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Assistant professor of physics receives grant to study particle movement in liquid

Kiran Ramsey | Digital Design Editor

Joseph Paulsen, an assistant professor of physics at SU, and his team of graduate students will study how particles such as sand move in viscous liquids like petroleum.

A Syracuse University assistant professor of physics received a $110,000 grant from the American Chemical Society Petroleum Research Fund to study how particles move in very viscous liquids.

The two-year grant allows Joseph Paulsen and his team of graduate students to study how particles such as sand move in viscous liquids like petroleum in a non-Brownian fashion.

A Brownian motion refers to the random movement of particles in fluid due to the bombardment of surrounding molecules. The non-Brownian motion of the particles Paulsen studies refers to how these particles do not randomly disperse in a viscous liquid, unlike the uniform dispersal of liquid dye in water, said Arthur Hernandez, a graduate student in the physics department.

Paulsen and his team were awarded the grant by the American Chemical Society Petroleum Research Fund because the research is relevant to pumping petroleum from the ground, said Thomas Clancy, program manager at ACS in the Office of Research Grants.

When oil is pumped from the ground, it often has particles such as sand and dirt in it, Clancy said. In turn, the additional sediment could affect how the oil flows, he said. Clancy added that it is a mandate of the Petroleum Research Fund to fund research relevant to petroleum, and in turn Paulsen’s research received the grant.

Clancy said this research extends beyond petroleum, as it is applicable to other particles and viscous liquids. Paulsen said he is trying to understand how particles organize in a viscous fluid when twisted.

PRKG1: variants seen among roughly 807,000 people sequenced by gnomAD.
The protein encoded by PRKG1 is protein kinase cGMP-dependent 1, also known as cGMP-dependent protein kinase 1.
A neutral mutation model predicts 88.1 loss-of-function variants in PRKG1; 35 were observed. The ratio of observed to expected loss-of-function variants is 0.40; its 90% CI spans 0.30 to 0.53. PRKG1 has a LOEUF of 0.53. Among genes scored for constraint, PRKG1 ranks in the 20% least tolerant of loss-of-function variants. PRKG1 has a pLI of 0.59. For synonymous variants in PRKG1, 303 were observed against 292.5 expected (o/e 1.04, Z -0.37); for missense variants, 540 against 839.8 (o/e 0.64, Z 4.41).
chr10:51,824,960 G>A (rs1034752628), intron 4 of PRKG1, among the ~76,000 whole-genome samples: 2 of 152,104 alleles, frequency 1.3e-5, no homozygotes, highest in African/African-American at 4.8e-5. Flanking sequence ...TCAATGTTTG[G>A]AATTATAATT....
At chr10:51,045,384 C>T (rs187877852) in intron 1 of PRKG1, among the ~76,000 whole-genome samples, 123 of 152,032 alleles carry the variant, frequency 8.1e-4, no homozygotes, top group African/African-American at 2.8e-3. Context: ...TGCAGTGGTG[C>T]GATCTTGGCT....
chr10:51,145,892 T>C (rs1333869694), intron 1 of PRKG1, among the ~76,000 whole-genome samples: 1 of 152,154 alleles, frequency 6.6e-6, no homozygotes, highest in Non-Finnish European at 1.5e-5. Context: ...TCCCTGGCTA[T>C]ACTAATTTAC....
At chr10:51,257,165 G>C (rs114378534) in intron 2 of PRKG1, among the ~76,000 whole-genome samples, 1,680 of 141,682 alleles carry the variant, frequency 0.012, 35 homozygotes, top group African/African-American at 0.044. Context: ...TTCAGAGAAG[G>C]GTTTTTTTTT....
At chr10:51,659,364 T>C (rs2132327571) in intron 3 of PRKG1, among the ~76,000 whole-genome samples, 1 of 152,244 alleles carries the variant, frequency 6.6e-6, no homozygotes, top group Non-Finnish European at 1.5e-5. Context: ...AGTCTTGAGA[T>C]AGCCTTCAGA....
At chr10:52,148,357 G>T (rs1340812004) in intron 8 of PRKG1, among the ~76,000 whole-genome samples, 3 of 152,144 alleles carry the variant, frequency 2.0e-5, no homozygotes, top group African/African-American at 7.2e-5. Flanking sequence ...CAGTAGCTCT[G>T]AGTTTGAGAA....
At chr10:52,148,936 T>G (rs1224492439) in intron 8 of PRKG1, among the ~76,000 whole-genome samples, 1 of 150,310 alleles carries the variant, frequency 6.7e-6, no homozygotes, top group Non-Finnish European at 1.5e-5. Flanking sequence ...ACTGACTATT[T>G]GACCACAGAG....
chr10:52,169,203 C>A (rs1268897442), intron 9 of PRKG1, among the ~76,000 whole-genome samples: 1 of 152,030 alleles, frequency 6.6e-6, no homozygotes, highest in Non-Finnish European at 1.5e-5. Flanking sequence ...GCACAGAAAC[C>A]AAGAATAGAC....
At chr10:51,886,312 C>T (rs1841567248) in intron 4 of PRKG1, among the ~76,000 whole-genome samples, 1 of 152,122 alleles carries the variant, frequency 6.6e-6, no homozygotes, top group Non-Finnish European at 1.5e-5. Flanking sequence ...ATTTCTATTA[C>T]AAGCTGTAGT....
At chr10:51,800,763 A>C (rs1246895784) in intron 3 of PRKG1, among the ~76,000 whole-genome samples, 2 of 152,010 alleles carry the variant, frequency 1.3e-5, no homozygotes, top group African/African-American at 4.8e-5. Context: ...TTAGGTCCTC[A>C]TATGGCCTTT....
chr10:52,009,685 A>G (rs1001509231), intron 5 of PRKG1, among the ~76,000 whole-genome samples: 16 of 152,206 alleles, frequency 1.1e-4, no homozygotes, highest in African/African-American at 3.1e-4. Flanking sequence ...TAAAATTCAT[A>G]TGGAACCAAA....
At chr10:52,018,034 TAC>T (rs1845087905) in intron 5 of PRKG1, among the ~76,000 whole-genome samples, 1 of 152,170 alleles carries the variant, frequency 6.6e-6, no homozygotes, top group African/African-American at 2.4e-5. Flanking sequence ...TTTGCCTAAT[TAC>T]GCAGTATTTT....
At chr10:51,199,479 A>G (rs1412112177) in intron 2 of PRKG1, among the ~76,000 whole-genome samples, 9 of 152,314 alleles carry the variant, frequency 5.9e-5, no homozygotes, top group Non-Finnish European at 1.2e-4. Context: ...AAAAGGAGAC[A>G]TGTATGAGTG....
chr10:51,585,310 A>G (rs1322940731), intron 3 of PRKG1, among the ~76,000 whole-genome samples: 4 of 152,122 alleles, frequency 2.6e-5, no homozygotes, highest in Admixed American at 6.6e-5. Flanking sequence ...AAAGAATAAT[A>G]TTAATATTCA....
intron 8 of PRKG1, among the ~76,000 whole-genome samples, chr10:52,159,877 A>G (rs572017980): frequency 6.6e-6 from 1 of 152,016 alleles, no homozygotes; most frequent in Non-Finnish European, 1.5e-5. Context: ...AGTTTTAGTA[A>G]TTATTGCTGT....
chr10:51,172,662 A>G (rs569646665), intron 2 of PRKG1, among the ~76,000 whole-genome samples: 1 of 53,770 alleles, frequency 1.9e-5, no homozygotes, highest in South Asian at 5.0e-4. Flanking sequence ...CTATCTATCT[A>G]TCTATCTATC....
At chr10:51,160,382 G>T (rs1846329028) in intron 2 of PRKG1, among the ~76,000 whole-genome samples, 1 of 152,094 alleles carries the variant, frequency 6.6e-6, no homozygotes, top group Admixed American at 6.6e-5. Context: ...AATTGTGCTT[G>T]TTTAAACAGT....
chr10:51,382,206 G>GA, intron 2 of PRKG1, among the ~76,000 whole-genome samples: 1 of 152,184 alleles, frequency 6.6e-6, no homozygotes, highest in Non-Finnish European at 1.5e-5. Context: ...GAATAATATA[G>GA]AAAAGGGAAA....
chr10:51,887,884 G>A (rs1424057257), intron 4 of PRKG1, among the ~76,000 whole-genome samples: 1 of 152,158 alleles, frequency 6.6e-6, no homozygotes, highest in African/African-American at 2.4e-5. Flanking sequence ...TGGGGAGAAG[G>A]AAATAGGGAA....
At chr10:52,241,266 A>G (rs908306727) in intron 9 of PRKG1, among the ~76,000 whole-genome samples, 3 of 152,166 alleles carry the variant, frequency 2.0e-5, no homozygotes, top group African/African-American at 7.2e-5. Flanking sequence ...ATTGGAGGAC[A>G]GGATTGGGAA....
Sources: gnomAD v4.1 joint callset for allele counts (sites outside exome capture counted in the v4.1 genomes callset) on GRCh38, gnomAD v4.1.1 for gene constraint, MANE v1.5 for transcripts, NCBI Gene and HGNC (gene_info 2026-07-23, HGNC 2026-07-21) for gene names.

His team discovered a “perfect time-symmetry” in these particles suspended in a viscous fluid, Hernandez said. When a twisting force is placed on the fluid with particles suspended in it and then removed, the particles move back to their original places uniformly, Hernandez said.

Paulsen compared this time-symmetry to bending — not folding — a piece of paper slightly and returning it to its original shape. The piece of paper looks exactly the same, despite having been distorted earlier.

But Paulsen and his team discovered when the fluid is twisted enough, a chaotic motion similar to diffusion happens.

“It’s this transition from a very boring state to a chaotic, irreversible state,” Hernandez said.

Paulsen and his team don’t only study particle motion in viscous liquids, but soft matter physics as well. Hernandez described soft matter physics as “things at room temperature. It’s like classical physics.”

Both Hernandez and Paulsen called soft matter physics an expanding subfield in physics. But it isn’t a new field in physics, Hernandez said.

“A lot of the things we study is just continuum mechanics, which had a lot of work done in the 19th century,” Hernandez said. “It stopped being seen as sexy or cool because offices were preoccupied with either the very big or the very small.”

Paulsen compared soft matter physics to art.

“It’s a very visual field. A lot of the data we take is taking the images and analyzing what we see. Personally, I find that that’s a very fun and rewarding way to do science,” Paulsen said. “You’re very close to the results that you’re getting and you can also get very aesthetically pleasing images from your research, so I have sort of an artistic outlet within science.”

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